More significantly, the loss of all 25 council seats held by the UK Independence Party (UKIP) and the failure of their would-be successors, the Reform Party and Reclaim Party to make any headway locally (just 6 councillors nationwide between them), is a rejection of their hard right policies.
Brexit issues have been eclipsed as a primary driver and replaced by concerns over the NHS and the cost-of-living crisis, as well as the Conservatives’ failure to stop water companies spilling raw sewage into our rivers and onto our beaches.
For Liberal Democrats, these Local Elections were fantastic. When we last fought these elections four years ago, we gained 700 councillors. This time, we not only retained these seats, but took over another 400.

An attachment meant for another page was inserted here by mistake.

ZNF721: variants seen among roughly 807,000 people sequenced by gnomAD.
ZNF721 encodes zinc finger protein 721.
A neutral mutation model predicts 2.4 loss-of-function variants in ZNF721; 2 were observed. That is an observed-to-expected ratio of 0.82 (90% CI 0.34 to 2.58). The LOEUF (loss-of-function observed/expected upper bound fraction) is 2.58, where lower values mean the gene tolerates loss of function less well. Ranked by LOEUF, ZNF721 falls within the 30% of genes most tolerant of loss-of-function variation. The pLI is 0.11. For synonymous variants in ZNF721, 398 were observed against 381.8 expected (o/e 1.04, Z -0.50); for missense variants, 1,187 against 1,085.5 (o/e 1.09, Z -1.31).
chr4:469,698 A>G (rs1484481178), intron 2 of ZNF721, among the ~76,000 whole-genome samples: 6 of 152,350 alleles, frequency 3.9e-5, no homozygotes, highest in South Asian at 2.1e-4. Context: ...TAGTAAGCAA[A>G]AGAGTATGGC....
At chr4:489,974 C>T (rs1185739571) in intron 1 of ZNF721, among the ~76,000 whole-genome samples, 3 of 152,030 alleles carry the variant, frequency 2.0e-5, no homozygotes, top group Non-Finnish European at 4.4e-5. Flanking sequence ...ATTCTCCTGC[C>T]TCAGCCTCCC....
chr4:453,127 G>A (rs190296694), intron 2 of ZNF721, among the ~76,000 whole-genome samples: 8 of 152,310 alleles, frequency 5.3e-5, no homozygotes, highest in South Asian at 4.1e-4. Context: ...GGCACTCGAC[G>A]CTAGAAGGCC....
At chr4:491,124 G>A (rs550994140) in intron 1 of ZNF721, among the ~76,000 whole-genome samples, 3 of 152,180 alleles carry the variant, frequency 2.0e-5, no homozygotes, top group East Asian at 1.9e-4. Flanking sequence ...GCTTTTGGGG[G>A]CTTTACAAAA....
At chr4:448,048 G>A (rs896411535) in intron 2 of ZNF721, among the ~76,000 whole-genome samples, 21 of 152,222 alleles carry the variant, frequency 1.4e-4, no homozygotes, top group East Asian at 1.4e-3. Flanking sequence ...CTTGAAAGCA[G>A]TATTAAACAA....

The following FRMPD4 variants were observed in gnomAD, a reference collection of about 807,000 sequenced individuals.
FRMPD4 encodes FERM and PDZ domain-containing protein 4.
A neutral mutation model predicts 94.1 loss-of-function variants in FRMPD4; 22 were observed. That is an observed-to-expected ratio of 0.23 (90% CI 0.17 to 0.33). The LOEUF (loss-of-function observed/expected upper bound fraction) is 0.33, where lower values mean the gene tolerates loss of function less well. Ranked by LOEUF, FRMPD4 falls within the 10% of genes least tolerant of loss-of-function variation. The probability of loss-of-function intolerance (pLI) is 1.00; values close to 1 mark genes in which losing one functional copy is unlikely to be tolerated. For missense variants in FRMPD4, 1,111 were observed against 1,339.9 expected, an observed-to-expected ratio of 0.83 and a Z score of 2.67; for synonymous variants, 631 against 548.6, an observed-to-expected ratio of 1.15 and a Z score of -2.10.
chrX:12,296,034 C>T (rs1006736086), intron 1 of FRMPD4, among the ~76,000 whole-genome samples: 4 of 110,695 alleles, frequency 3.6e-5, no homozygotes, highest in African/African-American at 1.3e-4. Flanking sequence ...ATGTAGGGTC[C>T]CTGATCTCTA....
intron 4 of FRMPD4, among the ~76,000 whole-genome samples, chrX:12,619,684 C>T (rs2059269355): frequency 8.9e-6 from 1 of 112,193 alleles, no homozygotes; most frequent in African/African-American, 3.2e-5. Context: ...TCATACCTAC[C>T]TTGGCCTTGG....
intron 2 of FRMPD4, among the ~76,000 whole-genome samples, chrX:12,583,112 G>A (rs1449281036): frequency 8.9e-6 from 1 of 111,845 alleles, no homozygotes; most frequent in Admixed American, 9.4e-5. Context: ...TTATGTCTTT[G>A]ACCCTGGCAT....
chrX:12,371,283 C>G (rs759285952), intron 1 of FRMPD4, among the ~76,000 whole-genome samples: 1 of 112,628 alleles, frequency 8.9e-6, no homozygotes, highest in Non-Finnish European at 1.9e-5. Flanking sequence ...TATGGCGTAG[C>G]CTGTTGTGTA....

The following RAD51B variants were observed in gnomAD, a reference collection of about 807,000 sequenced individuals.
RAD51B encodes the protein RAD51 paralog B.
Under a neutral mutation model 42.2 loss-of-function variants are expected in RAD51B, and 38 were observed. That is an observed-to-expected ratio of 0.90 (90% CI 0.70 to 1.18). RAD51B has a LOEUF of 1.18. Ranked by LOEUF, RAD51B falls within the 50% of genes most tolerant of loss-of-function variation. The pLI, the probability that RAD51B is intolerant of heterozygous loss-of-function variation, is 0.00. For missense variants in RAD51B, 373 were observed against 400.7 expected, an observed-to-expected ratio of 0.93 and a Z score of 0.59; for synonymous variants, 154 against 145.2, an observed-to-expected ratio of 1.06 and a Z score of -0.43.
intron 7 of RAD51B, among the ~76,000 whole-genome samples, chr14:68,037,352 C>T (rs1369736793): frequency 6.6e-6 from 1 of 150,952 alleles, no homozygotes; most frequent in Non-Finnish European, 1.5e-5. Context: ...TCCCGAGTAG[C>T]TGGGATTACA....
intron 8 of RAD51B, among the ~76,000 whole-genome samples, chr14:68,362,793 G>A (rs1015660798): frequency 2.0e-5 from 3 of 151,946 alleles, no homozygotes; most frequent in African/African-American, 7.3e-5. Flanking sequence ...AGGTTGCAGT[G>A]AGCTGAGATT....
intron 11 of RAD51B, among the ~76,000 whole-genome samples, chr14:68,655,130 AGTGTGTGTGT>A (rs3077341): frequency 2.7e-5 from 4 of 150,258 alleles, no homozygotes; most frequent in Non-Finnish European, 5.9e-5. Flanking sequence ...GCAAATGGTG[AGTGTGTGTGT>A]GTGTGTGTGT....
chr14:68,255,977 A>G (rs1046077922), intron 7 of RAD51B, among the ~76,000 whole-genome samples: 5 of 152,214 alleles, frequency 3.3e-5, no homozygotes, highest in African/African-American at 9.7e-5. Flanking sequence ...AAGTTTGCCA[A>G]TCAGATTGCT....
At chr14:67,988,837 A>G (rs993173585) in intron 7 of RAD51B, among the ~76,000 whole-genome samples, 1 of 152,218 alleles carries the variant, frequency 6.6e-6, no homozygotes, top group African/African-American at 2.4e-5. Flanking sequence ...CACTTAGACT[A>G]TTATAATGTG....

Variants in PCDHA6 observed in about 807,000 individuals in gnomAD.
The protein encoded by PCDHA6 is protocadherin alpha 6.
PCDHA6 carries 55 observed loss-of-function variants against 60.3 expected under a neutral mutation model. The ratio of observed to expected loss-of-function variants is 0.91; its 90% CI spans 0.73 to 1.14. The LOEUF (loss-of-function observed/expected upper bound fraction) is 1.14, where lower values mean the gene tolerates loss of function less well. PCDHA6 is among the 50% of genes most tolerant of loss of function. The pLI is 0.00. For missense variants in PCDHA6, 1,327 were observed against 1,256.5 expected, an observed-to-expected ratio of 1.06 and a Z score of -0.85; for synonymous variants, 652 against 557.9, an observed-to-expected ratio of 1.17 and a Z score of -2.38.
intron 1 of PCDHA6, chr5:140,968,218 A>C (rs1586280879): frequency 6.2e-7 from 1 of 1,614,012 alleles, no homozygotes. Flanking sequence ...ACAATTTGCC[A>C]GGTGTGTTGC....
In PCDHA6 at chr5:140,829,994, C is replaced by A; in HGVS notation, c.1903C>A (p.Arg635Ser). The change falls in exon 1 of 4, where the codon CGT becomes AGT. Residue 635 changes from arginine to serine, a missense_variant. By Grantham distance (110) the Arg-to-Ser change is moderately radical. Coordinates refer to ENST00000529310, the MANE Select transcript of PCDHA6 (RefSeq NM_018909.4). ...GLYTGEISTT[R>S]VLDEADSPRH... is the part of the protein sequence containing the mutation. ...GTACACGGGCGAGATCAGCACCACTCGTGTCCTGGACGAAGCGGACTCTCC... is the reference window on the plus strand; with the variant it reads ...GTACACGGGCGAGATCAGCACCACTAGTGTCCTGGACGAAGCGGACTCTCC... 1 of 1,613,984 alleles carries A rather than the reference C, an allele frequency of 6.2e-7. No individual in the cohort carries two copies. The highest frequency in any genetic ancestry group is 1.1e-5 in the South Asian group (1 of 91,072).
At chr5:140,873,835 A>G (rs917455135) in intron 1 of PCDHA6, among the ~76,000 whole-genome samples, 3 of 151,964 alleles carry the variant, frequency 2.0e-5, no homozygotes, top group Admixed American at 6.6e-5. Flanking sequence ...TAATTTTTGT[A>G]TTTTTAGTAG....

The Lib Dems have taken control of 12 councils, including Windsor and Stratford-upon-Avon. We gained 21 Lib Dem councillors in Mid-Devon, giving us control of the local council, adding to the fantastic Parliamentary by-election we won in Tiverton and Honiton last year.
These results have led the BBC to giving the Lib Dems a nearly 20% predicted national vote share.
One of the Turkish success stories of the night is Suzanne Nuri-Nixon, who was re-elected as a Liberal Democrat Councillor for South Norfolk Council. Of Turkish Cypriot descent, Suzanne has also just been elected Mayor by her peers.
Elsewhere, we see very few members of political parties, or activists, or candidates from the Turkish Community involved.
Local politics is a great entry point for anyone interested in making a difference in their communities and it’s not as hard to get involved as you think.